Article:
America leads a discussion about Internet services, which are often overestimated in its effect by the media
... there is a debate in America about the power of social networks and their relationship to state power. The policy researcher Evgeny Morozov strongly in America represents the view that social networks do not help to more democracy. This opinion he had taken in an extensive interview with Clay Shirky, which has the websitewww.edge.org published with the Frankfurter Allgemeine Zeitung (11.4.) titled "Digital Power and It's Discontents." This is about the debate between utopians and realists in terms of social networks, namely the question of whether the Internet is more a medium for human emancipation and revolution, or a tool to control and repression. Morozov calls it ridiculous if someone takes from the American Foreign Ministry, the CEO of Google or Twitter with a business trip. The fact that Google with the American intelligence agency "National Security Agency working together, is a dangerous proximity between politics and business. Because no citizen could be so happy if the e-mail traffic will be handled by a company that works closely with the national safety. The problems concerning the control of people including democratic governments.
Morozov provides the power of social networks like Twitter or Facebook rather skeptical. Even millions of cell phone cameras directed at the soldiers would not deter the Iranian government to resolve the violent demonstrations. The protests were lost in the sand column and the country further. Morozov sees the use of networks rather the possibility that the Iranian authorities have early information on anti-government groups and provide the intelligence agencies with this information. The coordination of the Internet users and the coordination in the reality gapes however far apart for the Belarus-born scientists. He had protested doubts that many demonstrators had left because of the information on Facebook or Twitter to the streets and coordinated. The demonstrations are more likely with "lava" as compared with planned events.
The media often reports on the role of networks for protest movements. Other and equally important issues are neglected. About whether the Internet can not promote a hedonistic colored ideology, which discourages people from more political commitment. Nongovernmental forces can gain power in the Internet, such as nationalistic, but also the very same state. For many countries, says Morozov, no protest waves, as is the case in China. In the interview, is also the Danish philosopher Kierkegaard on language, had complained before more than 150 years that in the then emerging era of newspapers, cafes and formed a public sphere where opinions were more in circulation and no longer a matter feel obliged. There is no more, what people would die. This is what also Morozov and many similar Internet critics the "indiscriminate nature of the digital activism: it recognizes our commitment to political and social issues that are really important and require permanent victim down. This is also the American computer scientist Jaron Larnier that the Internet destroys the individual creativity and speaks of "Digital Maoism", the more appealing to the swarm intelligence of the people, because Internet like Wikipedia disseminated not truth, but the average opinion of the anonymous mass. That sounds judged hard, but true when it comes to questions about ultimate things too far. For the representation of knowledge calls for Larnier and personal responsibility. In this direction also argues Morozov, the blogger does not hold for large icons critical of the government campaigns: "The people must be led by people who are willing to courageously stand up for their cause, to sacrifice to go to jail and the next Havel, Sakharov's Solzhenitsyn, or to be ... My fear is that it will not be a Twitter-age Solzhenitsyn more. "He would probably disappear just because the networks much earlier in the prison. The Chinese government has long since developed new strategies, methods of propaganda, in order to supposedly 'netizens' meet. She had admitted to investigators of a network 15 rounds in a police station, in which a young man who died mysteriously, and the "investigators reported" then the net, there is nothing remarkable. Later came out then that there were former employees of state media.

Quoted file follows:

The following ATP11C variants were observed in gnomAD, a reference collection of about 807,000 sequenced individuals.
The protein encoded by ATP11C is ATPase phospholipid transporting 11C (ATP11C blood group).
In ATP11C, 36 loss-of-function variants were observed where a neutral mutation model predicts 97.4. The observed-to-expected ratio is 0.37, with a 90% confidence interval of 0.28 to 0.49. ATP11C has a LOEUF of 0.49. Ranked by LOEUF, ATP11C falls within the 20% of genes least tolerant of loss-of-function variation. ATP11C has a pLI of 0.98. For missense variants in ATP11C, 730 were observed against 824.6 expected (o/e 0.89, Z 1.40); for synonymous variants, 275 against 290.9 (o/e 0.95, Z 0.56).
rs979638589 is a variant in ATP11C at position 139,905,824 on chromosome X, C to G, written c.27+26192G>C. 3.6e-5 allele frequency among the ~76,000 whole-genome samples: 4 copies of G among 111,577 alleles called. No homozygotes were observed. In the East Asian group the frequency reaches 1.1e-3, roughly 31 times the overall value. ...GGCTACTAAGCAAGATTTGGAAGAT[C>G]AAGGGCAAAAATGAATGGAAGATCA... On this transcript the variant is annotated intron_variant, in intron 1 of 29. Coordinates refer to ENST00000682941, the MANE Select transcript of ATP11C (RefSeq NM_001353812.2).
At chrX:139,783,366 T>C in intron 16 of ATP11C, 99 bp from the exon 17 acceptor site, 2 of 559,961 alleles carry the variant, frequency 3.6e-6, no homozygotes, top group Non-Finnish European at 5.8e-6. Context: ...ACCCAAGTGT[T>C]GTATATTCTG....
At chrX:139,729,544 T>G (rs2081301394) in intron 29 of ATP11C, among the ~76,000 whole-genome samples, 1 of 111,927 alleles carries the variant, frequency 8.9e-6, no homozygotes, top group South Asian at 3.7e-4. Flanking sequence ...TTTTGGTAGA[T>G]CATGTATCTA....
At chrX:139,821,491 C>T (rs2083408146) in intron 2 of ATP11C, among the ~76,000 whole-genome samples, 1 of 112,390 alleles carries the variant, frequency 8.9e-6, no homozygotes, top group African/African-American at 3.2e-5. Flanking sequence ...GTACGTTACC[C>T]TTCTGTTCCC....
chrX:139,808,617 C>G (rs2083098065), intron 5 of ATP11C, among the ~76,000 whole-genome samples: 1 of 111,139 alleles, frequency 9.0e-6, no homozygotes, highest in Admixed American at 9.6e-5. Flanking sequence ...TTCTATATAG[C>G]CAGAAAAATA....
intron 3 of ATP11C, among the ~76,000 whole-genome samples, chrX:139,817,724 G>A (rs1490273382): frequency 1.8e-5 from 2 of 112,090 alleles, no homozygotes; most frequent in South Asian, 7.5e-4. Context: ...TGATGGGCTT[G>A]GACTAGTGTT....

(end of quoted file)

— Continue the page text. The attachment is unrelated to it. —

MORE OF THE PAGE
David Gelernter, a professor of computer science at Yale University, compares the Internet with a school, but not with artificial intelligence. One could learn a lot on the internet like in school, but would if it mutates into an institution like the school, it would be a disaster.
The debate on edge.org expands the view of the Internet as crucial aspects. By highlighting the positive effects of the network, there is no doubt, it is not enough. The force is easy to overestimate the social networks and overestimated the Internet with regard to the crucial problems of man.